Abortion providers and advocates did not expect an early draft of the Supreme Court's opinion overturning Roe v. Wade to be leaked at least two months before the official ruling was expected. But they have been preparing for the end of the landmark ruling for the past decade.
"We are not surprised by the decision. We are very surprised by the leak," Robin Marty, an operations director at the West Alabama Women's Center, told BuzzFeed News. "A lot of what is in this decision was pretty much already written in the stars when we heard the arguments in December, and we've kind of been making assumptions ever since then. We always hoped that something would happen at the last minute, that somehow cooler heads would prevail."
The draft, published Monday night by Politico, was extraordinary both in substance and that it breached the norms of the highest court. Written by Justice Samuel Alito, the draft majority opinion overturns Roe v. Wade, which recognized a person's constitutional right to abortion, and Planned Parenthood v. Casey, which upheld Roe. On Tuesday, Chief Justice John Roberts confirmed that the draft was, in fact, genuine, and ordered an investigation into the leak.
Marty, who wrote a Handbook for a Post-Roe America, did not have much time to dwell on the surprise element of the bombshell report. Alarmed by the news, patients and even some of the staff at the West Alabama Women's Center assumed that Roe was definitively overturned on Monday night, and Marty said she had to assuage their concerns.
But abortion providers and advocates had long anticipated that the increasingly draconian anti-abortion legislation being introduced across the country was meant to gut Roe v. Wade.
"This has been the plan of anti-abortion extremists the entire time," Nika Vizcarra, an abortion provider in Las Vegas and a Physicians for Reproductive Health advocate, told BuzzFeed News. "We're still just devastated. I'm completely devastated for my patients, as well as all the providers who are fighting for access of this very essential, basic form of healthcare."
"A majority of the Midwest and South will lose access if Roe is overturned," Vizcarra said.
At the West Alabama Women's Center, Marty and her staff are already preparing for a world after Roe. They are trying to see as many patients who want an abortion in the next month, she said, with plans to potentially extend the clinic's opening hours and offer abortion procedures all day instead of just in the mornings.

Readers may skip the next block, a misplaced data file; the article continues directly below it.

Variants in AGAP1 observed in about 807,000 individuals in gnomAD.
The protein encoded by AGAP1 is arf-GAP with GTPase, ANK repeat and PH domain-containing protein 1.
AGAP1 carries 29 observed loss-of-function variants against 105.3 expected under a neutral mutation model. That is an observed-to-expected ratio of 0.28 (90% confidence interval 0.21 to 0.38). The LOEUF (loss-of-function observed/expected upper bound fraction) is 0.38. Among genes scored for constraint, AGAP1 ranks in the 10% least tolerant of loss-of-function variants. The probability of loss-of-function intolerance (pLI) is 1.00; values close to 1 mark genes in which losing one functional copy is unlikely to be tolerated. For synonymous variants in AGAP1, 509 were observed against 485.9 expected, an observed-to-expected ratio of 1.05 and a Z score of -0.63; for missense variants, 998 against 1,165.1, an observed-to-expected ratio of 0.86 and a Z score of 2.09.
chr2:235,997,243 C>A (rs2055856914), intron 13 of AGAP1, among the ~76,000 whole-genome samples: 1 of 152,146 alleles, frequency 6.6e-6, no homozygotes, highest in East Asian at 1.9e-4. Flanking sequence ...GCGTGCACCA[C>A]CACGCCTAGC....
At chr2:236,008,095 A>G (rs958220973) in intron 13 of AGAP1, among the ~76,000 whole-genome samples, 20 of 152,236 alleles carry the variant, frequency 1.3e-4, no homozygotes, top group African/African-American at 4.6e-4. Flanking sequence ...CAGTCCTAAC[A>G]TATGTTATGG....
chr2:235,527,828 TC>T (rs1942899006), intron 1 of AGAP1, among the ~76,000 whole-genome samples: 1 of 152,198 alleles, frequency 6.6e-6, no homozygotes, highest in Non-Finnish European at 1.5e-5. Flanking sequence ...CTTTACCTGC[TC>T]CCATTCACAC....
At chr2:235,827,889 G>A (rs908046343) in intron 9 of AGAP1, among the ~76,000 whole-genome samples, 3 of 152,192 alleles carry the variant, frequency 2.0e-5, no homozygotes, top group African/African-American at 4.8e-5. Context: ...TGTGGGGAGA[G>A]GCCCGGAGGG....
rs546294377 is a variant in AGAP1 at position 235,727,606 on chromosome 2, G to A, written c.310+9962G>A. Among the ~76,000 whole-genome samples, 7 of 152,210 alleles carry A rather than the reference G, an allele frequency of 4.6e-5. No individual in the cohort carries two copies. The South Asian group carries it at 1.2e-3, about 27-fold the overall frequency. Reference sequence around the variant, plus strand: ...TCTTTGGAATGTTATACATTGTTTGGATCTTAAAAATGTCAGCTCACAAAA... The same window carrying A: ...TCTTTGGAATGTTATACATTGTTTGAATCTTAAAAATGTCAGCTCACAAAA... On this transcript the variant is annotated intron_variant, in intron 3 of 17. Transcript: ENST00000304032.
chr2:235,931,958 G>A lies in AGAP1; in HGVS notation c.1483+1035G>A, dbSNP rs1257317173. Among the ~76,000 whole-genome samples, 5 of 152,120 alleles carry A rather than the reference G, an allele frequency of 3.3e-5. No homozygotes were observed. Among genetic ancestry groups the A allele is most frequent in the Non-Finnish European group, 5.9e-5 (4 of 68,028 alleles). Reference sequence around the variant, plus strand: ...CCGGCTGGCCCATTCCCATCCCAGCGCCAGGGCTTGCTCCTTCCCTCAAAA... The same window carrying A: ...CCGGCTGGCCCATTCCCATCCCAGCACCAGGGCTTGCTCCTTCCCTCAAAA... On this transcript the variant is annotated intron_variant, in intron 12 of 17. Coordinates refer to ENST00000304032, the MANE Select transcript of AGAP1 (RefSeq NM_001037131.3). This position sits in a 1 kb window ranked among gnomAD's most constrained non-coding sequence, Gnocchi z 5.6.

The clinic is also planning to double down on programs to provide post-abortion care for patients if they can no longer provide the procedure itself.
"We know that [abortion] is not going to go away and people are just going to try to manage it themselves," Marty said. The clinic could not previously commit to these programs "because the abortion crisis has been so all-consuming," she said.
With access already so patchwork from state to state, some clinics in states hostile to abortion rights are also mulling their future.
North Dakota's only abortion provider, the Red River Women's Clinic, has been considering moving to Moorhead, Minnesota, just across the border from its current location in Fargo. Minnesota is one of the only states in the Midwest where abortion would remain legal if Roe is overturned; its neighboring states either have trigger laws outlawing abortion if Roe is struck down, or have lawmakers working to enact abortion bans.
"Our hope and our goal is to maintain the status quo in our region," Tammi Kromenaker, director of the Red River Women's Clinic, told BuzzFeed News. "If we just have to move our operations 10 minutes across the river, you know, we are lucky to be so close to a safe state. If we can pull that off then essentially nothing will really change for those patients that we see."
Abortion providers and advocates who spoke to BuzzFeed News emphasized how crucial abortion funds are in this moment.
"Right now it's going to be the time to show up with material support for abortion funds," Emma Hernandez, a spokesperson for We Testify, an organization promoting abortion storytelling, told BuzzFeed News. "They are really making it happen for folks who have to travel out of state who have to now account for flights, gas mileage, childcare, as they have to access abortions further and further."
Vizcarra, the doctor in Las Vegas, also encouraged people to volunteer as clinic escorts and contact their local legislators.
Kromenaker said she has noticed in recent months patients becoming more vocal about their support for her clinic and reproductive rights. And she believes this draft outlining the Supreme Court's intentions will further galvanize people.
The Red River Women's Clinic has already seen an uptick in donations, and the North Dakota WIN Abortion Fund, which Kromenaker is also affiliated with, has received more than 200 donations in the past two days, she said.
"It's unprecedented," Kromenaker added about the influx of donations. "Hopefully the sleeping giant will awaken, and people will act, and people will mobilize, and people are gonna say 'Enough is enough.'"
On Tuesday morning, President Joe Biden called on lawmakers in Congress to codify Roe if the Supreme Court rolls back the ruling. He also remarkably used the word "abortion" in his statement for what appeared to be the first time in his presidency.
Hernandez said it was not enough.
"We need him to go beyond commenting on the current abortion crisis, and to provide us a real plan on how he will provide constitutional protections for abortion rights," Hernandez said. "Codifying Roe isn't enough anymore. That's really the bar on the floor."